Monday, 4 November 2013

Cooking Tomatoes Boosts Disease-Fighting Power

Cooking Tomatoes Boosts Disease-Fighting Power

Cooking tomatoes -- such as in spaghetti sauce -- makes the fruit heart-healthier and boosts its cancer-fighting ability. All this, despite a loss of vitamin C during the cooking process, say Cornell food scientists. The reason: cooking substantially raises the levels of beneficial compounds called phytochemicals, says  one Cornell assistant professor of food science.

The research dispels the popular notion that processed fruits and vegetables have lower nutritional value than fresh produce."
Tomato samples were heated to 88 degrees Celsius (190.4 degrees Fahrenheit) for two minutes, a quarter-hour and a half-hour.
 Consistent with previous studies, vitamin C content decreased by 10, 15 and 29 percent, respectively, when compared to raw, uncooked tomatoes.

However, the research revealed that the beneficial trans-lycopene content of the cooked tomatoes increased by 54, 171 and 164 percent, respectively. Levels of cis -lycopene (which the body easily absorbs) rose by 6, 17 and 35 percent, respectively; and antioxidant levels in the heated tomatoes increased by 28, 34 and 62 percent, respectively. Antioxidants protect the human body from cell and tissue damage, which occurs when harmful molecules called free radicals, released as oxygen, are metabolized by the body.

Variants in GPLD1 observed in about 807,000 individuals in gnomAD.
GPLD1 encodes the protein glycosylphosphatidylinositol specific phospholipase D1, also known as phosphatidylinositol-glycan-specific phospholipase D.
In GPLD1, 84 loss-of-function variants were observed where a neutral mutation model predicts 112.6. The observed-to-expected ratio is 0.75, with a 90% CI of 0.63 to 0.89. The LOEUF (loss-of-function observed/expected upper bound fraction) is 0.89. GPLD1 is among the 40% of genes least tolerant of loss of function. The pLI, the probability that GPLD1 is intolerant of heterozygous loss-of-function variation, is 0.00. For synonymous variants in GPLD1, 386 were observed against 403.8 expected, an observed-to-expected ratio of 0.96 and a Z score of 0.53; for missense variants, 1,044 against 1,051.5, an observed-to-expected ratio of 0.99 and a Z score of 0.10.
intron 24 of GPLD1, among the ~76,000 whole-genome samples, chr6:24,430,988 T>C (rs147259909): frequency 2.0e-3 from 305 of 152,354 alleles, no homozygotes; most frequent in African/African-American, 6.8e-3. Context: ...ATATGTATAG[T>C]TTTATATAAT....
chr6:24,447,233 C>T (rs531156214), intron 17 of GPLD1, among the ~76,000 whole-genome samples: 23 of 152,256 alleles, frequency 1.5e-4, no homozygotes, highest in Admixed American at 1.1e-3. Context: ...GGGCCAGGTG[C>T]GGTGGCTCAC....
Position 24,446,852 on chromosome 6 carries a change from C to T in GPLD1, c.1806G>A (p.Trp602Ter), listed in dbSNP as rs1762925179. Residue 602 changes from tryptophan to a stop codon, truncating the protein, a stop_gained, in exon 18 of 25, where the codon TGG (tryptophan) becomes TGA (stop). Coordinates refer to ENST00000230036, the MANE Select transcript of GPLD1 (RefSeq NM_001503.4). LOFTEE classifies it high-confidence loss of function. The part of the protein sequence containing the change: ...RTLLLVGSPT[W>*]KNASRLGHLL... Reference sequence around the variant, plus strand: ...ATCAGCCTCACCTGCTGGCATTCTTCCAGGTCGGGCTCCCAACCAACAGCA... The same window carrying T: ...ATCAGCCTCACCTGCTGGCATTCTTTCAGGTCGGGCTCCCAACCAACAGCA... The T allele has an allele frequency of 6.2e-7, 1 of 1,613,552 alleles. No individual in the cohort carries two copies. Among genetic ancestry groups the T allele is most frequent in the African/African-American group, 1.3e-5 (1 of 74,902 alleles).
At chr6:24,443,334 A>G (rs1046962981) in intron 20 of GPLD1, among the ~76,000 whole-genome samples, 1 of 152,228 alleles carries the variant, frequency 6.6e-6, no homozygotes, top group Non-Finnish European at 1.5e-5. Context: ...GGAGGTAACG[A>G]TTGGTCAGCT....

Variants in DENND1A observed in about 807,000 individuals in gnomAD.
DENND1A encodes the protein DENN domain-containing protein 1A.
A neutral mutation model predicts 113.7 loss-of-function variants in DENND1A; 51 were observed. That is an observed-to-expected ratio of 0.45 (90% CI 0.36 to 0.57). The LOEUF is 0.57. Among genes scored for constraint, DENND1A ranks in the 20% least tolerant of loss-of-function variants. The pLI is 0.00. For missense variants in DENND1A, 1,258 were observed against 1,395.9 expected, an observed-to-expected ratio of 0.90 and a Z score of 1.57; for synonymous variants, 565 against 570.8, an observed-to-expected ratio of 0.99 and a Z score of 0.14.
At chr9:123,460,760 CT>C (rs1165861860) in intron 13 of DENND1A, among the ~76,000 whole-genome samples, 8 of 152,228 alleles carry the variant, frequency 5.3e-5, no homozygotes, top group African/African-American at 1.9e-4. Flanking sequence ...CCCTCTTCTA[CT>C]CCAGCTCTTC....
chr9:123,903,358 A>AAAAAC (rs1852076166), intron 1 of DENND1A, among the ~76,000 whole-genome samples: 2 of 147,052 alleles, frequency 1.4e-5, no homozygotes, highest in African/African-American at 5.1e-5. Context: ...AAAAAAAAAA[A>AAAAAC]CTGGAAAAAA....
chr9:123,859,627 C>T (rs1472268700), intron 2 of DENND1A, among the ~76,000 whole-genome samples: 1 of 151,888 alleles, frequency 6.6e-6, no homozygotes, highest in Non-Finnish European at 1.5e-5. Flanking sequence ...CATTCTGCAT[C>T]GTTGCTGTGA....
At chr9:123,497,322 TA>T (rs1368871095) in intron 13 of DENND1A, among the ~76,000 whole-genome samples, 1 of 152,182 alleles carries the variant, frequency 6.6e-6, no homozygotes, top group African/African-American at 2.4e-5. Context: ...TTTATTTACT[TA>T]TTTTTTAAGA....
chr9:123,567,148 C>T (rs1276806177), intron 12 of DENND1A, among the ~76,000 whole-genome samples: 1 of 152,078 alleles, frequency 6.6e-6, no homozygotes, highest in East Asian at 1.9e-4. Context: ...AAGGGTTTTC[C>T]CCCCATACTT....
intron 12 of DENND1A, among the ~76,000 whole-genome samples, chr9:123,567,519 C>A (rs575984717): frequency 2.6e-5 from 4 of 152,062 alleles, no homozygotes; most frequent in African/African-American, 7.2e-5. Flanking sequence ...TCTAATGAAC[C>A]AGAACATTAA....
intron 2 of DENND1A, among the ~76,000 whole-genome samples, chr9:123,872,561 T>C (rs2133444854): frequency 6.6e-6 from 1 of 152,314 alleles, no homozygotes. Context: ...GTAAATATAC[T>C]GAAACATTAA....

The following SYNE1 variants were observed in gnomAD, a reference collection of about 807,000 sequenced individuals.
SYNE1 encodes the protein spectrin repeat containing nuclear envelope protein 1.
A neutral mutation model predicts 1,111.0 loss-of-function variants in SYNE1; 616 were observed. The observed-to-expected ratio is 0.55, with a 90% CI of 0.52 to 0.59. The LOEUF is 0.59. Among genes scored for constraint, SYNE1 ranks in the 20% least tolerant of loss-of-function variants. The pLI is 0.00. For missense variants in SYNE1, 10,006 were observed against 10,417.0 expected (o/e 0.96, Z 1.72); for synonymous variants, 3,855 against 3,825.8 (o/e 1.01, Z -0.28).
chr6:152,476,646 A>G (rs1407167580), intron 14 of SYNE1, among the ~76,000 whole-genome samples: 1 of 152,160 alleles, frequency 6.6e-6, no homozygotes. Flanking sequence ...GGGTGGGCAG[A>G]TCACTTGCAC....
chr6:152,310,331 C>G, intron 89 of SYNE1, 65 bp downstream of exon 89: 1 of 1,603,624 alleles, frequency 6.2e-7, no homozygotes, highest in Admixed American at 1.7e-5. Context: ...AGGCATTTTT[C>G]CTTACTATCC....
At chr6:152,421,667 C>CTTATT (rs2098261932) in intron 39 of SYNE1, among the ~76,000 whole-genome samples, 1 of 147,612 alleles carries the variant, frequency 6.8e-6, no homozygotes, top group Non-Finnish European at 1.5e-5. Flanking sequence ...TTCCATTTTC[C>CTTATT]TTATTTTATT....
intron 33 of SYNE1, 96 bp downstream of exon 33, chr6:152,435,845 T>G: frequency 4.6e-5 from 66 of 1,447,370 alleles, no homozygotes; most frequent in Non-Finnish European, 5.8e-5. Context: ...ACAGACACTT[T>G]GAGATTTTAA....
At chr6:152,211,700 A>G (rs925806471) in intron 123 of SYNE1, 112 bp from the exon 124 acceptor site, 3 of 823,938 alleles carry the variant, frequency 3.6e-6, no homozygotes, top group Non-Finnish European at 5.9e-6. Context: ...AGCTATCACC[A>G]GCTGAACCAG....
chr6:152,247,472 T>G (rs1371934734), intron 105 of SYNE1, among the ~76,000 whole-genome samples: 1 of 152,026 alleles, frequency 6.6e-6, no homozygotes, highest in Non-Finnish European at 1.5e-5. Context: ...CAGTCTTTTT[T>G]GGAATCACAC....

Lycopene, a carotenoid responsible for the red color in tomatoes and other fruits, has long been known as a powerful antioxidant that decreases cancer and heart-disease risk. Carotenoids, along with phenolic acids and flavonoids, are all phytochemicals, the nutritionally beneficial active compounds found in every fruit and vegetable.

While the antioxidant activity in tomatoes is enhanced during the cooking process, vitamin C loss occurs when the food's ascorbic acid is oxidized to dehydroascorbic acid and other forms of nutritionally inactive components.Lycopene is the most-efficient single oxygen quencher, and devours more than 10 times more oxygenated free radicals than vitamin E. This makes lycopene's presence in the diet important.

While these findings go against the notion that processed fruits and vegetables have lower nutritional value, this may create a new image for processed fruits and vegetables," says Liu. "Ultimately, this could increase consumers' intake of fruits and vegetables and could possibly reduce a person's risk of chronic disease.


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